Last week, Kansas enacted a use tax law under which disaster relief workers temporarily entering the state are considered not to be physically present within it. The effect of the law is to exempt from use tax property brought into the state by these workers. While the legislature might have simply stated that such property is exempt from use tax, it instead accomplished this result by deeming disaster relief workers to not be physically present within the state.
Unfortunately for practitioners in the area of sales and use tax, such tricks of misdirection are not confined to April Fools’ Day, and it is often the case that the devil is in the definitions. Perhaps most frequently, the definition of “tangible personal property” is tweaked to expand or narrow the tax’s reach. For example, just last month, Alabama amended its regulations to include prepaid wireless service codes in its definition of the term.
While such recharacterizations may seem like just a benign shorthand for “taxable” or “not taxable”, they sometimes lead to less obvious tax consequences. For instance, in at least one case, Texas’ characterization of electricity as a taxable service, rather than tangible personal property, was fatal to a taxpayer’s claim for the state’s resale exemption. If, as Arkansas does, the state instead characterized electricity as tangible personal property, things might have come out differently.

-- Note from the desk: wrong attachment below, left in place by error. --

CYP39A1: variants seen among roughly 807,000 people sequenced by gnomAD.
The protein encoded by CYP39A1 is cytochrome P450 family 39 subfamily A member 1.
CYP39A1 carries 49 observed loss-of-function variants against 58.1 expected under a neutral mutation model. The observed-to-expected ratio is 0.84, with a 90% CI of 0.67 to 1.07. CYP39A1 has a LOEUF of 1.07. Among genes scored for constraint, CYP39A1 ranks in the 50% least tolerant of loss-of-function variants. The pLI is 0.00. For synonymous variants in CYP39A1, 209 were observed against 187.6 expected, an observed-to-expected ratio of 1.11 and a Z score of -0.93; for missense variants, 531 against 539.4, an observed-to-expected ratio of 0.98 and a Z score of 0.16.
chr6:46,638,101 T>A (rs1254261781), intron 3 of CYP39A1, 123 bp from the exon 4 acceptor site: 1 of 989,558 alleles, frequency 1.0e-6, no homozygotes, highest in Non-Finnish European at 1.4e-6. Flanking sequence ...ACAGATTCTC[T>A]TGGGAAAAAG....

Continue the discussion on Bloomberg BNA’s State Tax Group on LinkedIn: Does sales and use tax law have a unique tendency towards counterintuitive characterizations? How readily are prepaid wireless calling codes characterized as “personal property which may be seen, weighed, measured, felt or touched, or is in any other manner perceptible to the senses”?
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